General Election facts
The Fixed Term Parliament Act 2011 means that an elected government is in place for five years. The government is automatically dissolved at the end of that period, and a general election is triggered with polling day set for the first Thursday in May.
However, we are far from normal times. The upcoming vote in December is actually the second early general election to occur in less than 3 years. Early general elections can be called either because of a motion of no confidence agreed by a majority in parliament, or a motion for general election agreed by two thirds of seats in parliament – as was the case with the forthcoming election.
Who can vote?
In the UK, you can vote if you are over 18; British, Irish, from certain Commonwealth countries and living in the UK, or a British Citizen living abroad who has been registered to vote in the UK in the last 15 years. There are a few legal exclusions to voting, including such reasons as being a Royal or a Member of the House of Lords.
How do we vote? And First Past the Post
The UK is divided into 650 sections called constituencies. These constituencies can be varying sizes geographically, and each has around 60-100 thousand people. At a general election, the voters in a constituency choose a single member of parliament to represent their constituency. Each voter is given a ballot paper with the names and parties of the candidates, and they mark their choice and post the paper into a ballot box. No one is allowed to look at anyone else’s vote.
At the end of polling day, the votes are counted and the candidate with the most votes is the MP for that constituency. This is a “plurality” voting system, also known as the ‘First-Past-The-Post’ system – the person with the most votes wins. Voters in the UK only have a choice over the MP for their area, so the leader or leading party in the House of Commons is not directly voted for. Most – but not all – local candidates will be members of national political parties such as the Labour, Conservative or Liberal Democrat parties. Whoever wins the most votes for an area is the only MP for that constituency; they must represent everyone in that area – not just the people who voted for them.
Some constituencies are described as ‘safe seats’, which means that one particular party has always won there by a comfortable margin. That’s as close to being predictable as it gets in British politics, but of course, nothing is guaranteed. There are also ‘marginal seats’; constituencies where there hasn’t been any strong historical trend; where it might go either way.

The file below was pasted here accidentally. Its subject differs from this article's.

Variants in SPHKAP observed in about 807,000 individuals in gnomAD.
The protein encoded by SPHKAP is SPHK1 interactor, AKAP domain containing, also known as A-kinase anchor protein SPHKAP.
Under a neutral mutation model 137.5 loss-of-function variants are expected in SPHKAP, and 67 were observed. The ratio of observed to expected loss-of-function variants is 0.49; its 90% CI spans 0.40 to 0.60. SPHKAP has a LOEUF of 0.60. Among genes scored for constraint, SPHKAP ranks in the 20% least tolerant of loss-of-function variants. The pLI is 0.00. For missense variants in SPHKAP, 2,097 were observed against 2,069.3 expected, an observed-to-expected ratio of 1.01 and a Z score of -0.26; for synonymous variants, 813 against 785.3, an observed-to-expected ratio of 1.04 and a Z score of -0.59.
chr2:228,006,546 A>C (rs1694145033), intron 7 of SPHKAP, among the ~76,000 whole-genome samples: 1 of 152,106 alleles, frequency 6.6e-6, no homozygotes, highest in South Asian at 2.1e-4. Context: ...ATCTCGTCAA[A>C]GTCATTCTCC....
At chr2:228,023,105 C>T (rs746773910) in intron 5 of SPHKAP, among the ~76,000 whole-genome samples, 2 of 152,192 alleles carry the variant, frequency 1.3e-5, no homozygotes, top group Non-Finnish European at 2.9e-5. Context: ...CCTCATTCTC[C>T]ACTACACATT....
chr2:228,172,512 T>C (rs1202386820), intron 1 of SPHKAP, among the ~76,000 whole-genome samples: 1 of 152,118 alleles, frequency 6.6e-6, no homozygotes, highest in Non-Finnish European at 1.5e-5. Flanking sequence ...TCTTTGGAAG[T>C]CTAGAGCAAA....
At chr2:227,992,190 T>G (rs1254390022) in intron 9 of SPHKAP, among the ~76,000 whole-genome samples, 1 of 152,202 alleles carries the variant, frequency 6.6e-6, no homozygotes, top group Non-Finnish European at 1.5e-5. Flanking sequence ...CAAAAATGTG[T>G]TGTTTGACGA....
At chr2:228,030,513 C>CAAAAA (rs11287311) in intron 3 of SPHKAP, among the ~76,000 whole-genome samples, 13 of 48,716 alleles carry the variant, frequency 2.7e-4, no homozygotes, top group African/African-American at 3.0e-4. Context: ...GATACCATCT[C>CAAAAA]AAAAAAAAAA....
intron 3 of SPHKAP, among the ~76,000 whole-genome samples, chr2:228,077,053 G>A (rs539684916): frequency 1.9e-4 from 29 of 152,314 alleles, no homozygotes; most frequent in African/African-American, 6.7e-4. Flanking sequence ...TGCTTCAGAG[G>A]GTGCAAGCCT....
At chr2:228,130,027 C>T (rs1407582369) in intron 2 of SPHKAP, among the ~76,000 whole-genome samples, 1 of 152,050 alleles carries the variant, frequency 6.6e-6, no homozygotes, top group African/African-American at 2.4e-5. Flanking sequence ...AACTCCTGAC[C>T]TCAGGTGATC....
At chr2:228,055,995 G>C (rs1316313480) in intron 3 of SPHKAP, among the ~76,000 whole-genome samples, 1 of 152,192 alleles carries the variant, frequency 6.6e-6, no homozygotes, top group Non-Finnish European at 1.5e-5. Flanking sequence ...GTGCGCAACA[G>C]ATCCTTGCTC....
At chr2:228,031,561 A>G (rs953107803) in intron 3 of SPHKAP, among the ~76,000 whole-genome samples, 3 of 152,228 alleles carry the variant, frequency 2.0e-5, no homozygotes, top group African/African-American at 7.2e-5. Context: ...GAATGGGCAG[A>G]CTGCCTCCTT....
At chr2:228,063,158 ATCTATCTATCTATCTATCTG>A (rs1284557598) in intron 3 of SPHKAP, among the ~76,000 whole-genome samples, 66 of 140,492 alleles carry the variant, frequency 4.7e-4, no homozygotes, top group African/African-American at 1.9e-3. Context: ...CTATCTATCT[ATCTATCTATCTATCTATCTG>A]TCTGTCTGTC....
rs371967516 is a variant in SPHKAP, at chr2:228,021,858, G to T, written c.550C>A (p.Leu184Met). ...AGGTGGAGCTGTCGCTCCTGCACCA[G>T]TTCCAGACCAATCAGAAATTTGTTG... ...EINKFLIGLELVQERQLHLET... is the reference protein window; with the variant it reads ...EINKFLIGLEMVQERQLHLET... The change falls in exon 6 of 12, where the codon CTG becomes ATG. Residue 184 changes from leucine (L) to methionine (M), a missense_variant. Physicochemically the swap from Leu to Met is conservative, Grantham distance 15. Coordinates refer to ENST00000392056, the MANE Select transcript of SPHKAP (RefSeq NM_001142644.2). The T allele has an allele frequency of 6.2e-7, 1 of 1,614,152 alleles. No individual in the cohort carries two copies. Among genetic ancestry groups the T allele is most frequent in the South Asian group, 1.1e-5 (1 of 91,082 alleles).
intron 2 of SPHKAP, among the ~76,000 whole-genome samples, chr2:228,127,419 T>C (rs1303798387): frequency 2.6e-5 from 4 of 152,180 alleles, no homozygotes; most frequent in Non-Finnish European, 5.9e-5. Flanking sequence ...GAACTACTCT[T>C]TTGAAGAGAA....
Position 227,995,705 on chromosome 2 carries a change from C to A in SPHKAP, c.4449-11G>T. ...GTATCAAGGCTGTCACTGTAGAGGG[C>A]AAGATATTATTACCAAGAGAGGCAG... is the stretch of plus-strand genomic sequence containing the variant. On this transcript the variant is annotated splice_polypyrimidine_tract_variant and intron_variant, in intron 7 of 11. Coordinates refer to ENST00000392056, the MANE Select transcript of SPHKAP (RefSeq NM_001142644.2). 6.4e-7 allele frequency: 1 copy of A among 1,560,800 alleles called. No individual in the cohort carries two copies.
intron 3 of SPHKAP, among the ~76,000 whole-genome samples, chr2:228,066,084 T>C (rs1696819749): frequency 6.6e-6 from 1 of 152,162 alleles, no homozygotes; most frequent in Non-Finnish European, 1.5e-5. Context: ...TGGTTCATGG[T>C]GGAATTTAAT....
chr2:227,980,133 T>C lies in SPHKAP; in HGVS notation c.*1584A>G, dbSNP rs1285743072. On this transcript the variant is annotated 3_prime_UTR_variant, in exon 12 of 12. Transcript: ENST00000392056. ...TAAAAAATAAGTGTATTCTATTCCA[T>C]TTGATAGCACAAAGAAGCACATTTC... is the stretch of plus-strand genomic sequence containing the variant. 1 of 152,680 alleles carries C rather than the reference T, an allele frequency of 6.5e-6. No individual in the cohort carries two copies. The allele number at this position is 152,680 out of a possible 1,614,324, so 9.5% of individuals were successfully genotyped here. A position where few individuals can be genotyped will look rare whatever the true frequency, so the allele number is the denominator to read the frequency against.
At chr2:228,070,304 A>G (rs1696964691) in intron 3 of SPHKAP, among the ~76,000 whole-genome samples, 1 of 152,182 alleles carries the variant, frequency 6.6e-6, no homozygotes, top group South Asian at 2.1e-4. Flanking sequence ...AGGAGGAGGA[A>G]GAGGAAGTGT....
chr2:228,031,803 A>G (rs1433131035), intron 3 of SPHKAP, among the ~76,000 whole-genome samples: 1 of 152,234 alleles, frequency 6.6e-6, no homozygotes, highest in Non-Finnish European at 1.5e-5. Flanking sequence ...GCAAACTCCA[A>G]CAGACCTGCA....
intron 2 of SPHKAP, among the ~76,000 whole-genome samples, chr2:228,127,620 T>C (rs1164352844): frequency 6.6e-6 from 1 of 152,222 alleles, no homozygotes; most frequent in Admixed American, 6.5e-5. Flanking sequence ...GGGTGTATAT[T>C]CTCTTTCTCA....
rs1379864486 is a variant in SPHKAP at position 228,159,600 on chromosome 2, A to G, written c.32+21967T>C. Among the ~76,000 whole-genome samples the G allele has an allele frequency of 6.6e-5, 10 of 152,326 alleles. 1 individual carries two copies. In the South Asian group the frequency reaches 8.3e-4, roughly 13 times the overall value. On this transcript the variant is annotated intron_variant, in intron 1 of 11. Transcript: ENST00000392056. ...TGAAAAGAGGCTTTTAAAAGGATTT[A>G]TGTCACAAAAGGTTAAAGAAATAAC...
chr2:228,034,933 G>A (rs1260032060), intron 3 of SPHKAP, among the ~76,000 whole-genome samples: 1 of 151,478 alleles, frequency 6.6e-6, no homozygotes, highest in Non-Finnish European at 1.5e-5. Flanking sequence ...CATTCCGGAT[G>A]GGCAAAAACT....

Stations are set up for polling day in venues such as schools, community centres, church halls, and occasionally private residences – anywhere neutral and accessible. Sometimes polling stations have been set up in more unusual locations – a railway carriage, a windmill, even at the Isle of Wight Festival.
How do our MPs form a Government?
When more than half of the MPs – 326 or more – belong to one political party, this party has the majority and forms the new government. If no single party has a majority, this is a ‘hung parliament’. In a hung parliament, the parties with the most seats may try to negotiate to team up with a smaller party, bringing their total number of seats to a majority and forming a ‘coalition’ government.
Sometimes, the party with the most seats in a hung parliament may try to rule as a minority government, meaning that they negotiate for support along the way. When the 2017 United Kingdom general election resulted in a hung parliament for the Conservatives, they formed an agreement with the Democratic Unionist Party (DUP) of Northern Ireland.
The MPs forming the new Government appoint roles within the ‘Cabinet’ – a group of people chosen to oversee certain responsibilities, each known as ‘Secretary of State’ for their responsibility: defence; health and social care; transport; education, etc – these positions can be created without primary legislation, at the behest of the Prime Minister. There are some exceptions to the rule and not all departments are headed by a secretary of state, e.g. HM Treasury is headed by the Chancellor of the Exchequer.
The largest non-government party in parliament – usually the party with the second-largest number of seats – is known as The Opposition. They form what’s known as a Shadow Cabinet; their role is to scrutinise and question the Government. The Labour Party currently performs this role.